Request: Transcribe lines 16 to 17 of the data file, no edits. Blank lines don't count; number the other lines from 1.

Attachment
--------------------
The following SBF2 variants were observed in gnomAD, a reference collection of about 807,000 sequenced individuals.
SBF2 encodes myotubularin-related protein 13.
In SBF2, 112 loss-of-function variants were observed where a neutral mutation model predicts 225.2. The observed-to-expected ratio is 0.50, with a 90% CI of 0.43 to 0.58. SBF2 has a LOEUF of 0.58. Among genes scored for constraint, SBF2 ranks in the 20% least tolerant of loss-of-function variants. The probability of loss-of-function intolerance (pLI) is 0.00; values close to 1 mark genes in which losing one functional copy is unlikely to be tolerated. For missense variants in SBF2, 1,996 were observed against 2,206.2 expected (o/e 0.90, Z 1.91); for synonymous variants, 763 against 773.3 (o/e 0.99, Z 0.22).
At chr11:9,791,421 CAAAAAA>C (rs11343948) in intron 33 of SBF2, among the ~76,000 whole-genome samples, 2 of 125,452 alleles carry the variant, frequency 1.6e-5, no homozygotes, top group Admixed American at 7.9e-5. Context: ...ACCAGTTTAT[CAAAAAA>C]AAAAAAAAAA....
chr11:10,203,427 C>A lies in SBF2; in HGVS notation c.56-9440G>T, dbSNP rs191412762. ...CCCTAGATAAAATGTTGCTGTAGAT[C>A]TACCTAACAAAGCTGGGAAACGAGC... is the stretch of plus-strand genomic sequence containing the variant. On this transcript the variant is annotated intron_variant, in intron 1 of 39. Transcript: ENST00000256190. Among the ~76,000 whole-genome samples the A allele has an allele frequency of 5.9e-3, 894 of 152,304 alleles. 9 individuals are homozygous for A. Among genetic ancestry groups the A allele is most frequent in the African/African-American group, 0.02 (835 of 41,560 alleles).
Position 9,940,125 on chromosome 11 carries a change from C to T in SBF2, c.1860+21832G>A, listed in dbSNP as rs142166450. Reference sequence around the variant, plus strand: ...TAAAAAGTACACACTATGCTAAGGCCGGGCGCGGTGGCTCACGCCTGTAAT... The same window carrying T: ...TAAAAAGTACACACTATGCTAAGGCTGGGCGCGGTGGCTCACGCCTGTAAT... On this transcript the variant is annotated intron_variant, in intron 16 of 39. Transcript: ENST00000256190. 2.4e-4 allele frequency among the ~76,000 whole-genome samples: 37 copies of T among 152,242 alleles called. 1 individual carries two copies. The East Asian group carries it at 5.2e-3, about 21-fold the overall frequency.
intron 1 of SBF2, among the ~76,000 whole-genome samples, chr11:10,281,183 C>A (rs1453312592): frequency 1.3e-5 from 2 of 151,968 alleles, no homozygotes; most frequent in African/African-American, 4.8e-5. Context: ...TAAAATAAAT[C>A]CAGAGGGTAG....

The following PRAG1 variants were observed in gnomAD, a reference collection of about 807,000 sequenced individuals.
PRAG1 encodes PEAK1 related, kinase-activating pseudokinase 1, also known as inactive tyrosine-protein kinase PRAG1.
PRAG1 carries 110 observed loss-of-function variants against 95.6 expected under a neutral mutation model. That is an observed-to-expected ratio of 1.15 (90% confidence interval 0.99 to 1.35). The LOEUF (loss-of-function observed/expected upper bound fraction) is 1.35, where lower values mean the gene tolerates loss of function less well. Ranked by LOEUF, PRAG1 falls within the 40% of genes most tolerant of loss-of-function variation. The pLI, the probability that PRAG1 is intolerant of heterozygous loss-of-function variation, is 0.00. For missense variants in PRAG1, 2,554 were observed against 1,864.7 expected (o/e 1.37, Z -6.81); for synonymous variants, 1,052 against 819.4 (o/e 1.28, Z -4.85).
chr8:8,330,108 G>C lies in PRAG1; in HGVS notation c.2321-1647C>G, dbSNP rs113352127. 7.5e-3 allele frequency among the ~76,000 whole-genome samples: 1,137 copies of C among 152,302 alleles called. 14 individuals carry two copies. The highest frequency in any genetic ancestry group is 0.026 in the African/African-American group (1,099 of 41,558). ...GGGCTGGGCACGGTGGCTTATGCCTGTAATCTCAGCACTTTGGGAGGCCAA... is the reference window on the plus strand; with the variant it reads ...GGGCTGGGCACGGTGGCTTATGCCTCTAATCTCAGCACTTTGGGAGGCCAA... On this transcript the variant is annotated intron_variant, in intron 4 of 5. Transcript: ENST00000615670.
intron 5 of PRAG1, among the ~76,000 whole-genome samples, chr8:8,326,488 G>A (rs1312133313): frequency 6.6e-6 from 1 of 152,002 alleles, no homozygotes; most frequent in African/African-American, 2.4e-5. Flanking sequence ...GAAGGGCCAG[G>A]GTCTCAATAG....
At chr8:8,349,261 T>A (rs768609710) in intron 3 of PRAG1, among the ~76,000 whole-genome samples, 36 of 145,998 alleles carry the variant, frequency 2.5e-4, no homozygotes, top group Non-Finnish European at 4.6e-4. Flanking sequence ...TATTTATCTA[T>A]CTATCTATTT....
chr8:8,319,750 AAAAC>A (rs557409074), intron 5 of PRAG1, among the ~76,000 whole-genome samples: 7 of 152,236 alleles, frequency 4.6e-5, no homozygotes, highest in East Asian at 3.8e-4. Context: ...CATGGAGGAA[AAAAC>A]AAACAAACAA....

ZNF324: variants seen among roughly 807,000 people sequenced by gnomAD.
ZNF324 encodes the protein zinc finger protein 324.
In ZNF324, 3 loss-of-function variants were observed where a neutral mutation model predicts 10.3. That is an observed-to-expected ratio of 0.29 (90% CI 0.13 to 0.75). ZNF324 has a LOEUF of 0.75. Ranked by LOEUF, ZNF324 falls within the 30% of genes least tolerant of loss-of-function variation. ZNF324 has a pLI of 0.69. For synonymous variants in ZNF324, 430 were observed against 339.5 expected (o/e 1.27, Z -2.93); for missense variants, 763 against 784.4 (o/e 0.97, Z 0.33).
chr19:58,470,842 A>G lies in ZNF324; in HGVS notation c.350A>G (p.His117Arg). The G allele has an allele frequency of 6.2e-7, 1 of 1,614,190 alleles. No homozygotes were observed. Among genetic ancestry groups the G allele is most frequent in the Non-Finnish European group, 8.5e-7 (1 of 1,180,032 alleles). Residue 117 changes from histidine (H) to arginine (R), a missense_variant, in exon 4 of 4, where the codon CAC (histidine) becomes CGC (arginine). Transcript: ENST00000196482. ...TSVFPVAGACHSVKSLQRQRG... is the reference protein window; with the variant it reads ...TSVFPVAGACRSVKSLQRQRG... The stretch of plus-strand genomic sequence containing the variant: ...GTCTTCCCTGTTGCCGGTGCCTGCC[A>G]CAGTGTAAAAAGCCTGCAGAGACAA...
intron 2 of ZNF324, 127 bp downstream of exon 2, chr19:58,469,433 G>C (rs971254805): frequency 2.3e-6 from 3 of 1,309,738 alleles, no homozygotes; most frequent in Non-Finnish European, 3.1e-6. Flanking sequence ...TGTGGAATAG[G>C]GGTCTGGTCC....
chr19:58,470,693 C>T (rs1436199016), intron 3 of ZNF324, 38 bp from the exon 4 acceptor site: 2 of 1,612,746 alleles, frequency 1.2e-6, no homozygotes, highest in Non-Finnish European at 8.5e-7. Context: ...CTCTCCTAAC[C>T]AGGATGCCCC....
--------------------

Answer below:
ZNF324 encodes the protein zinc finger protein 324.
In ZNF324, 3 loss-of-function variants were observed where a neutral mutation model predicts 10.3. That is an observed-to-expected ratio of 0.29 (90% CI 0.13 to 0.75). ZNF324 has a LOEUF of 0.75. Ranked by LOEUF, ZNF324 falls within the 30% of genes least tolerant of loss-of-function variation. ZNF324 has a pLI of 0.69. For synonymous variants in ZNF324, 430 were observed against 339.5 expected (o/e 1.27, Z -2.93); for missense variants, 763 against 784.4 (o/e 0.97, Z 0.33).